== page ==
Marc Cooper, a Nation contributing editor, is an associate professor of professional practice and director of Annenberg Digital News at the USC Annenberg School for Communication and Journalism.
Cooper's career in journalism began in 1966, when he founded and edited an underground newspaper in high school in Los Angeles. After being expelled from the California State University system for his antiwar activities in 1971 by order of Governor Ronald Reagan, he signed on to work in the press office of Chilean President Salvador Allende. The 1973 military coup found Cooper working as Allende's translator for publication, and he left Chile as a UN-protected refugee eight days after the bloody takeover.
Since then Cooper has traveled the world covering politics and culture for myriad press outlets. He reported on the Yom Kippur War, Lebanon, South Africa, Central and South America, Eastern and Western Europe and domestic American politics for dozens of publications ranging from Playboy and Rolling Stone to the Sunday magazines of the Los Angeles Times and The Times of London.
Cooper was news and public affairs director of KPFK-FM (Los Angeles) from 1980-83 and has been a correspondent for NBC, CBC and Monitor Radio. For television, he has been a reporter and a producer of news documentaries for CBS News, The Christian Science Monitor and PBS Frontline.
Cooper's journalism awards include prizes from The Society of Professional Journalists and PEN America, and several from the California Associated Press TV and Radio Association.
An anthology of Cooper's work, Roll Over Che Guevara: Travels of a Radical Reporter, was published by Verso in 1994. He was also a contributor to the collection Literary Las Vegas, published in 1995 by Holt.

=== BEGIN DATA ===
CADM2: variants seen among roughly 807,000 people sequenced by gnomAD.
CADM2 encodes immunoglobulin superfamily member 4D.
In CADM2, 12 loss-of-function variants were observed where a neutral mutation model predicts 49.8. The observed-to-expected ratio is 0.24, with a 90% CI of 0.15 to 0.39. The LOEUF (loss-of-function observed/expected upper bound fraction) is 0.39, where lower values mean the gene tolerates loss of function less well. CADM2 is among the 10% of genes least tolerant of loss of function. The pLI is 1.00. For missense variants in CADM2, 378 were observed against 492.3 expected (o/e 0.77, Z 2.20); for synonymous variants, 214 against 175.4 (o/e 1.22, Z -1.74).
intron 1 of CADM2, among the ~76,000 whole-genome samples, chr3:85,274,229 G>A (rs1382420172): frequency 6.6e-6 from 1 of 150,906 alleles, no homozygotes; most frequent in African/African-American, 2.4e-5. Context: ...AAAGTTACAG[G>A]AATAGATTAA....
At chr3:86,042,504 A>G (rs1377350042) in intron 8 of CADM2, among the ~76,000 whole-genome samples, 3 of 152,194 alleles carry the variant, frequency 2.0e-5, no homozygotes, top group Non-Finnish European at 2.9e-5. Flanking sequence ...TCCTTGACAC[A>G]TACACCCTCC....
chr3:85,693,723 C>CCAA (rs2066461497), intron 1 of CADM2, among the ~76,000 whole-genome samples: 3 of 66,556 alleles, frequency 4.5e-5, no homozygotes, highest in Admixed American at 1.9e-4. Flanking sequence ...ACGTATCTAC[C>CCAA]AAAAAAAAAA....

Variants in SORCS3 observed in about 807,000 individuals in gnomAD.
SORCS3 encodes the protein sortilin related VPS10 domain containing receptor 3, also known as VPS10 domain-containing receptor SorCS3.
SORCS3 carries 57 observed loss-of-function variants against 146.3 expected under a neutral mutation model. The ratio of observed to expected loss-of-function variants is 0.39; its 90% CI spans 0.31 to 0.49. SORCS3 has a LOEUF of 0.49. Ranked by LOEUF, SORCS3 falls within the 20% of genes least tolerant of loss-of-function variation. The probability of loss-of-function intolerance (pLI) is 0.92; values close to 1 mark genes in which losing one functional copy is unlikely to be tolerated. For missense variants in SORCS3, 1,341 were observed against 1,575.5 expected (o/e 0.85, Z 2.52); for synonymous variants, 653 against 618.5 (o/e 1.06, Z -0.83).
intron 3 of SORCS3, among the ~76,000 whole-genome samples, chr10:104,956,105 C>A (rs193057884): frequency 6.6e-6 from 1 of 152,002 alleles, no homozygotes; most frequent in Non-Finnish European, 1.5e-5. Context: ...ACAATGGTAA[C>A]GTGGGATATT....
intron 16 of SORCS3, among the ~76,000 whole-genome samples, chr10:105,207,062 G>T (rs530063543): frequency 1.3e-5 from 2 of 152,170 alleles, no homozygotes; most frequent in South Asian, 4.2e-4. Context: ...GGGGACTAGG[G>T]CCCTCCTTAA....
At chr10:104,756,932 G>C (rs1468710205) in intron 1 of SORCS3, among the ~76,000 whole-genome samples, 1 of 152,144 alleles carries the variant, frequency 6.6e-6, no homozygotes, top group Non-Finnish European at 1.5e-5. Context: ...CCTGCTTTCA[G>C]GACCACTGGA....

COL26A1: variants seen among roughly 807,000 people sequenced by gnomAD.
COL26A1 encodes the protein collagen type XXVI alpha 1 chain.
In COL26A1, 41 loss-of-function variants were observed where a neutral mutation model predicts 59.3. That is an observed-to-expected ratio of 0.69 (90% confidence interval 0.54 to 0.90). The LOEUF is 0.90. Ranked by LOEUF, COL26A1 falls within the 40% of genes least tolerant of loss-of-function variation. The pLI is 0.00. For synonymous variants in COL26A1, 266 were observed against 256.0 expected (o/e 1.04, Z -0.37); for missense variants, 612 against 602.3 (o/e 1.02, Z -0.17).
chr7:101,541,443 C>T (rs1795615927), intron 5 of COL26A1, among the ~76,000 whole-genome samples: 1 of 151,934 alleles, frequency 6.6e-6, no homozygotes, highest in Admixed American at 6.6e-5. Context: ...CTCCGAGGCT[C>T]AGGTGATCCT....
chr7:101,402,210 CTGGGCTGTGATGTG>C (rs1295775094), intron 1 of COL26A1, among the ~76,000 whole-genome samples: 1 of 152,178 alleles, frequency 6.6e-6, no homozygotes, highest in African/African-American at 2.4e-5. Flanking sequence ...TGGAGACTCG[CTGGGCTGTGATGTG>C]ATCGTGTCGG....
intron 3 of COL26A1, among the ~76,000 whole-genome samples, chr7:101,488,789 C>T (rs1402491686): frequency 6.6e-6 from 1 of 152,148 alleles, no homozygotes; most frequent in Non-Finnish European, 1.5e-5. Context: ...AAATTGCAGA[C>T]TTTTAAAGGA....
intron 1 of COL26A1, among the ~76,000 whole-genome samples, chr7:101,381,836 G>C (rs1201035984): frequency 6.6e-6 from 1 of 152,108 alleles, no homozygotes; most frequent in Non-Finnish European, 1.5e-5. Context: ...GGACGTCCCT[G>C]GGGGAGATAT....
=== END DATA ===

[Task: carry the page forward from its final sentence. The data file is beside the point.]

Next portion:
Returning to the system from which he was expelled, Cooper has also taught in the journalism departments at the Northridge and Los Angeles campuses of California State University.
His Pinochet and Me: A Chilean Anti-Memoir (Verso), is now available in paperback.
Democrats hope demographic changes will translate into a win in November.
The former dictator is back where he belongs.
Las Vegas is capitalism stripped bare. If you're out of money, you're out of luck.
I first met Marshall Frady in the Sinai desert during the 1973 Yom Kippur War, when we shared the back seat of a Russian-made Egyptian Army jeep.
As George W. Bush popped into the International Speedway during the granddaddy NASCAR Daytona 500 on February 15 he was careful to not screw up the way Bill Clinton did back in 1992.
Additional reporting by Cissy Rebich.
Thanks to the front-loaded primary process handcrafted by their party chairman, Terry McAuliffe, the millions of California's Democratic voters were reduced to ratifying an election that seems to
Where to go if Dean pulls out of the race? Marc Cooper reports from Arizona.
The call by George W. Bush for major reform of our failed immigration policy was undoubtedly made with election-year eyes fixed on the growing Latino vote.
A joyless holiday season faces 70,000 unionized Southern and Central California supermarket workers who have been on strike or locked out since October 11.